Eat Warming Foods

Eat warm foods, especially for breakfast. Slow-cooked foods help the body retain its warmth. A slow cooker is a perfect investment for the season, if you don’t already own one. Bone broth soups are the perfect winter nourishment – add in a tablespoon of cider vinegar to extract added calcium from the bones.

Cold cereal with ice cold milk is not a good way top start your day in winter. Hot cereal, with added ground flaxseed, which gives it a slightly nutty flavor, is much better. Add in frozen blueberries, and heat gently – they’re loaded with antioxidants.

Or try warm apples with cinnamon: Slice the applies (no need to peel), add a tiny bit of water, cinnamon (sticks or ground), some cloves or allspice if you want the apple pie flavor. Cook slowly until soft and serve. You could cook the apples the night before and just reheat. Can be eaten alone or with yogurt. Granola and/or milk can be added.

Exercise – Body And Mind

Brisk walks outside in nature. If you get moving in the cold, the cold doesn’t enter your body the same way. The best way to start your day? The night before, lay out your warm, outdoor clothes by the door, slip them on first thing upon rising and take a brisk walk outdoors. Think of investing in snowshoes for those snow-covered days.

Walking outside in nature, your body will warm up. This flow of qi and blood, as the Chinese term it, moves around your body, providing a natural protective immunity against disease. Just make sure you’re bundled well – particularly the back of the neck.

Notice what is going on in nature. This time of year, it’s so silent, there are no crickets, no squirrels chattering. It’s an incredibly beautiful hush. The silence can be deafening, particularly on a morning after snow falls. Take all of this to heart -where do you need to go, to replenish, nurture and restore? This is the season to pay attention to that quiet, inward energy.


Our minds go 24/7, 10,000 thoughts a day: Is there anything else we would dare attempt to do so constantly? While at first, meditation may seem an impossible achievement – I’m so busy, I never stop, I’m so hyper, I can’t sit still – this is one action that will change your life. Take one month – or better yet, 40 days – and commit to meditating only seven minutes a day (pick a number, but start small). The same time is best – whatever moment in your day works for you, upon rising, before going to bed, during a mid-day break.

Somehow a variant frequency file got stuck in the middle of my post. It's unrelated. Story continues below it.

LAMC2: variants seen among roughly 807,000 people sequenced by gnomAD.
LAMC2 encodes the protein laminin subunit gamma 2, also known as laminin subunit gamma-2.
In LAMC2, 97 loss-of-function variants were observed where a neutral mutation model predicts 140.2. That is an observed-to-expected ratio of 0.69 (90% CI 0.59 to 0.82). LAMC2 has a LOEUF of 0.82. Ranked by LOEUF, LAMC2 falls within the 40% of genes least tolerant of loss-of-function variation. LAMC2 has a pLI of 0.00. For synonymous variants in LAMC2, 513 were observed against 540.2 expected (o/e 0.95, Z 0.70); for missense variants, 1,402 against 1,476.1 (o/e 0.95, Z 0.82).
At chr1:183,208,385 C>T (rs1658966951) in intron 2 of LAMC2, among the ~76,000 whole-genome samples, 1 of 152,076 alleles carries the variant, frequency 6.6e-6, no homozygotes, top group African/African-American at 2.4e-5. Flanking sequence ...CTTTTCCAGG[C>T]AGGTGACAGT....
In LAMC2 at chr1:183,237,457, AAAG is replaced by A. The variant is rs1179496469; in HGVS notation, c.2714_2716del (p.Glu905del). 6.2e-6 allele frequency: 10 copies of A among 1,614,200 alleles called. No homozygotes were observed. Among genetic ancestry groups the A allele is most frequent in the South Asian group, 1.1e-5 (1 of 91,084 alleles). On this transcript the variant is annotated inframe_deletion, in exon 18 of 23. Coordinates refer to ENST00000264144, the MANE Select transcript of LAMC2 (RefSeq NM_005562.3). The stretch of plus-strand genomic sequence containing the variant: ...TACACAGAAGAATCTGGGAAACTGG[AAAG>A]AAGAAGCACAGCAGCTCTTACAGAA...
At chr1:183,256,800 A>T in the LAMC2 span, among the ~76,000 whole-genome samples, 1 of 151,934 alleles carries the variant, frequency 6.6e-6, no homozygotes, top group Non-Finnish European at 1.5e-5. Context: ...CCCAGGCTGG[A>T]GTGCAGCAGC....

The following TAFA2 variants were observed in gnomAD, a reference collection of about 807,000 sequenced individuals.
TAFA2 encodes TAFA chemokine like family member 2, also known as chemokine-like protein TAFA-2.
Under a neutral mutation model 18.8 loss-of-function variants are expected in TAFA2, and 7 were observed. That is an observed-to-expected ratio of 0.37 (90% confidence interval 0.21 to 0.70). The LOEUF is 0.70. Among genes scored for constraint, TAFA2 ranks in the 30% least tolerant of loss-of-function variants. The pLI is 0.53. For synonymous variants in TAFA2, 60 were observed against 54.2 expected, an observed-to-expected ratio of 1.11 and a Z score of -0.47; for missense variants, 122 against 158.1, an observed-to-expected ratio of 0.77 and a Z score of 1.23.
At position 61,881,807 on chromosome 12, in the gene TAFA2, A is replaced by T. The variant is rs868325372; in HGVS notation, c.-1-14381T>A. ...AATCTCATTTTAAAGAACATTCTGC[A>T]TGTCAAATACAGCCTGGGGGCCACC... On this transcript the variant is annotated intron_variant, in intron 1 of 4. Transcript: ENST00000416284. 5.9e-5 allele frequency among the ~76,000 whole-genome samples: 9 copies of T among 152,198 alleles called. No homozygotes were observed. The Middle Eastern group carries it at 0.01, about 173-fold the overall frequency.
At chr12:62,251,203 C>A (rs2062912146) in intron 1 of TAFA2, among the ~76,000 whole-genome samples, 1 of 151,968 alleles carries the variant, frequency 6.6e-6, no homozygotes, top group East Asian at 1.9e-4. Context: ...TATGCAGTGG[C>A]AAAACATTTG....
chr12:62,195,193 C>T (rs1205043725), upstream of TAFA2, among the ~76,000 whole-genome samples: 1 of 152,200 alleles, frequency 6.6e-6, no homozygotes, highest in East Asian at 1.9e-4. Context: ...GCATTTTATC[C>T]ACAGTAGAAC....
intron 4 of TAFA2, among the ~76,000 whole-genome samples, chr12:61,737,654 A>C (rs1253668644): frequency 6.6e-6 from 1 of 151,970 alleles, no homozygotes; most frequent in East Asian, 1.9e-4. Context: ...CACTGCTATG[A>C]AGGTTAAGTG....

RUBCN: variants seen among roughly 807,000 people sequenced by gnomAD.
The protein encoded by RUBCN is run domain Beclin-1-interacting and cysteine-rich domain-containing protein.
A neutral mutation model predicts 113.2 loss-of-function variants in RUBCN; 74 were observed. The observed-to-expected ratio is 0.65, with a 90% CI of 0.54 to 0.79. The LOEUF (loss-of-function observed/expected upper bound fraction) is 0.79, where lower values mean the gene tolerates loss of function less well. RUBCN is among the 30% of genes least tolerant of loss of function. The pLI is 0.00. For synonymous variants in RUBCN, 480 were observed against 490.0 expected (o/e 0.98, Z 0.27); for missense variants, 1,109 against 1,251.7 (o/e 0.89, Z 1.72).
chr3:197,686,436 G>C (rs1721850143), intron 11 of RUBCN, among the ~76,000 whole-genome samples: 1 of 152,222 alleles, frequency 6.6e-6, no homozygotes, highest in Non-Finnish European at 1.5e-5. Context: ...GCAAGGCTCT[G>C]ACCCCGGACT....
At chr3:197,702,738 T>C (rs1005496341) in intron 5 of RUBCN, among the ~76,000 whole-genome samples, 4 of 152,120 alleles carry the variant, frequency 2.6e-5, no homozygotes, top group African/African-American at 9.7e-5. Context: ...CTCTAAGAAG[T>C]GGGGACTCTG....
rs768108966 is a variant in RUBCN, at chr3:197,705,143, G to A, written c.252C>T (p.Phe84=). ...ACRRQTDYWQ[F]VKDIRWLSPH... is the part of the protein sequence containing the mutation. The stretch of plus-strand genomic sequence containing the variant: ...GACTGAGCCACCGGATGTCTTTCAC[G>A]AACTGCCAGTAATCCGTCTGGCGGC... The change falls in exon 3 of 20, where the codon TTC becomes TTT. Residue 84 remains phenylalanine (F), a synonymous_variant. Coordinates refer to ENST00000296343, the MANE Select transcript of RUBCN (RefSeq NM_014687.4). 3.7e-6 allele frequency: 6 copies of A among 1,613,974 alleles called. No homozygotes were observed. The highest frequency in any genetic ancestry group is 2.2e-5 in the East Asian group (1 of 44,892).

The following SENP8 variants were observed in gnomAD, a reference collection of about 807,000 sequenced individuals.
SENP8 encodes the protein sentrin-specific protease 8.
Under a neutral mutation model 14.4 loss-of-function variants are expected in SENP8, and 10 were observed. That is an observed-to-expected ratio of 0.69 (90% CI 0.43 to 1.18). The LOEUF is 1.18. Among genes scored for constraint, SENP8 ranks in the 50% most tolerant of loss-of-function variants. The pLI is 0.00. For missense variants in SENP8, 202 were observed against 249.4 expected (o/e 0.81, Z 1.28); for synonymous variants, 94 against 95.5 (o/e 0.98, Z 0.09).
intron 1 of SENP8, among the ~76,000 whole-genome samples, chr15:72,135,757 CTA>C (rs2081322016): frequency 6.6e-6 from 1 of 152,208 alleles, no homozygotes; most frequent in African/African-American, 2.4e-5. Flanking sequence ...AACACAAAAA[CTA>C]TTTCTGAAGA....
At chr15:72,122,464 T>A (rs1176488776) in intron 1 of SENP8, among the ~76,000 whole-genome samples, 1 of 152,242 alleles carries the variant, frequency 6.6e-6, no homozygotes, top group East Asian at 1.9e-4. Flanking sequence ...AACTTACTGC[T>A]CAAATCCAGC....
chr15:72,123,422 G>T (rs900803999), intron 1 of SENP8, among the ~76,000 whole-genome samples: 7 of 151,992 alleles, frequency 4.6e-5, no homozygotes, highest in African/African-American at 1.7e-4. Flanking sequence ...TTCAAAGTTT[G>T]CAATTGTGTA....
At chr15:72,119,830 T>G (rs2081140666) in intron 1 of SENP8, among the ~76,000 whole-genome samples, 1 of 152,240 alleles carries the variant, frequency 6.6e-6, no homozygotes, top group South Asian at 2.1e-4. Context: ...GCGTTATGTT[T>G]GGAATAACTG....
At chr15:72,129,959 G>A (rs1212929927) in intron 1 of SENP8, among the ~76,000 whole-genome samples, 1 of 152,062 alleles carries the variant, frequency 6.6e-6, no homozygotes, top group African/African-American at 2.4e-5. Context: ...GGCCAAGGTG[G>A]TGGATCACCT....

Find a comfortable seated position. Set your cell phone alarm as a timer – turning it to “Alarm Only.” Relax. Breathe deep, listen to your breath, say a word over and over, count backward from 100.

Basically, just sit and be – not doing anything. If thoughts come up, let them pass by, as if you were watching leaves floating down a stream. Don’t engage, just observe with a non-critical, open-minded wonder: Oh, there’s my mind conjuring up that detail, how interesting … Let it go.

What you will find after a period of consistent meditating is you’ll have moments in your hectic life when you’re not bombarded with conflicting thoughts. You’ll notice you feel more clear-headed, more open and less stressed.


For prevention - Acupuncture can prevent colds and flu by building up the immune system. Needling key points can strengthen the circulation of blood and energy, fortifying the outer defense layers of skin and muscle (wei qi) so germs and viruses cannot enter through them. Seasonal acupuncture treatments only four times a year also serve to strengthen the inner organ systems, correcting minor annoyances before they become serious problems.

To get better faster - If you’ve already succumbed to that cold or flu, acupuncture can also help with symptoms in a safe, non-toxic way.


Take the time now to rest and renew with a few simple remedies, so the time won’t overtake you later with illness.

If you do start to feel sick, make feeling better your priority. In the long run, you’ll find this approach will save you time and energy-and guarantee healthier living during our cold winter season.

Herbs for Health

Drink an infusion of nettles (tea brewed for several hours) to maintain a healthy immune system and good energy.

Stinging nettles — considered a pesky garden weed — is a great all-year tonic and easily prepared using the dried plant. Its many qualities include blood-building and cleansing. You can drink it every day.

  1. To make an infusion, you will need: a) Nettles in bulk – dried, cut, sifted (not the tea bags). b) A large glass jar with a tight lid. Ball jars are best; the half-gallon size, gallon-sized iced tea jars work well, too.

  2. Fill the jar with a few inches of nettles and fill to the brim with boiling water. (See precautions below.) Let sit a minute or so, stir and then add more boiling water to refill it, as the herb will soak up the water. Cover and let steep 4-8 hours.

  3. Strain and drink. Refrigerate what’s not used. May be reheated gently. Add honey or sweetener if desired.

Precautions: When filling jar with boiling water: Make sure the glass jar is at room temperature; don’t have the jar sit on cold stone or metal, as the difference in temperature could cause it to crack; don’t let the kettle touch the edge of the glass.